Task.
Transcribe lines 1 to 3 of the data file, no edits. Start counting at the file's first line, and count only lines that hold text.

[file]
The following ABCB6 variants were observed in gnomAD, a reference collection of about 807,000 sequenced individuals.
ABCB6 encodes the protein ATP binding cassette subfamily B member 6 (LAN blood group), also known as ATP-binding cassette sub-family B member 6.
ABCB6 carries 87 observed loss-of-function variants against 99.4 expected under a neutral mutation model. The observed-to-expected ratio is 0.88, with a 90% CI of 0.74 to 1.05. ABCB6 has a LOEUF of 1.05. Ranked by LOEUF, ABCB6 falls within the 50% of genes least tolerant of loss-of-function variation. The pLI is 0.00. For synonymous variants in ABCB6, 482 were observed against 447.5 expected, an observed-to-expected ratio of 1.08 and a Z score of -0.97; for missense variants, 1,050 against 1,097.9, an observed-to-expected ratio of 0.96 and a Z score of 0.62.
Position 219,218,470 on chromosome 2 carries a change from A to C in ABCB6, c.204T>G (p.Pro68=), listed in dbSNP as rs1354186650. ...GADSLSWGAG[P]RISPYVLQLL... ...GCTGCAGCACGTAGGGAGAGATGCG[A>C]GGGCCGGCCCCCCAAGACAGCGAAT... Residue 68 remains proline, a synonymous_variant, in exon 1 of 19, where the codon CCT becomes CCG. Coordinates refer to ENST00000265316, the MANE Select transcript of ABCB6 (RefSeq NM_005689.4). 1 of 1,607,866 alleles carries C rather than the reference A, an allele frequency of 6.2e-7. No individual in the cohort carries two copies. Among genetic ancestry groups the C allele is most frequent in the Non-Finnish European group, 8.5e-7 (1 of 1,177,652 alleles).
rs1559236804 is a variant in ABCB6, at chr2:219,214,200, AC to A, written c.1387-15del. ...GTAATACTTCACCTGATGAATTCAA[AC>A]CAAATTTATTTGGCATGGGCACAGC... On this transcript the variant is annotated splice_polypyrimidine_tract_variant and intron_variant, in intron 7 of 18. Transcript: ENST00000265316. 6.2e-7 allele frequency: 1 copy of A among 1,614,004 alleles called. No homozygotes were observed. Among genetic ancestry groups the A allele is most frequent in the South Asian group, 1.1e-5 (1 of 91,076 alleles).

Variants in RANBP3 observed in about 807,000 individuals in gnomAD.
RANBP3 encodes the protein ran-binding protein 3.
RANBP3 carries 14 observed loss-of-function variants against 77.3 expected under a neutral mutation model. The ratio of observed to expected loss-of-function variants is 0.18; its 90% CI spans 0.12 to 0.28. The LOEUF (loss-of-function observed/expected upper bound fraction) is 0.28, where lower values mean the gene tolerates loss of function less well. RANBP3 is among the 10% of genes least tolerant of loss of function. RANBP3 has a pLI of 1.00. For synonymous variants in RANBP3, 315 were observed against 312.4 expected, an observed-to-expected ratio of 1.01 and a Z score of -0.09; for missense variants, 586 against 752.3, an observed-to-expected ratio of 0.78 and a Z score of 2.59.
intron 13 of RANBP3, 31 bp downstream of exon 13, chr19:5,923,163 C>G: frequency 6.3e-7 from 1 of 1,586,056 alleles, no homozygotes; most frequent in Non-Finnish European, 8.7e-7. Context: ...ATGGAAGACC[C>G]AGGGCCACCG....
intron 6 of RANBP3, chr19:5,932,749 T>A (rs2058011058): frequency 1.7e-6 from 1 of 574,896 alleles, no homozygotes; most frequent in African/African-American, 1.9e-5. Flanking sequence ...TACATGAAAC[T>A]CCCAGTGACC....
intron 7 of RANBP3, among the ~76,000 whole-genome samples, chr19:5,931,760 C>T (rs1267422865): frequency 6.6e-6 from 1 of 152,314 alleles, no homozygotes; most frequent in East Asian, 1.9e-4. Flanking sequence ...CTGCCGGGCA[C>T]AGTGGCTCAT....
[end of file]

The following ABCB6 variants were observed in gnomAD, a reference collection of about 807,000 sequenced individuals.
ABCB6 encodes the protein ATP binding cassette subfamily B member 6 (LAN blood group), also known as ATP-binding cassette sub-family B member 6.
ABCB6 carries 87 observed loss-of-function variants against 99.4 expected under a neutral mutation model. The observed-to-expected ratio is 0.88, with a 90% CI of 0.74 to 1.05. ABCB6 has a LOEUF of 1.05. Ranked by LOEUF, ABCB6 falls within the 50% of genes least tolerant of loss-of-function variation. The pLI is 0.00. For synonymous variants in ABCB6, 482 were observed against 447.5 expected, an observed-to-expected ratio of 1.08 and a Z score of -0.97; for missense variants, 1,050 against 1,097.9, an observed-to-expected ratio of 0.96 and a Z score of 0.62.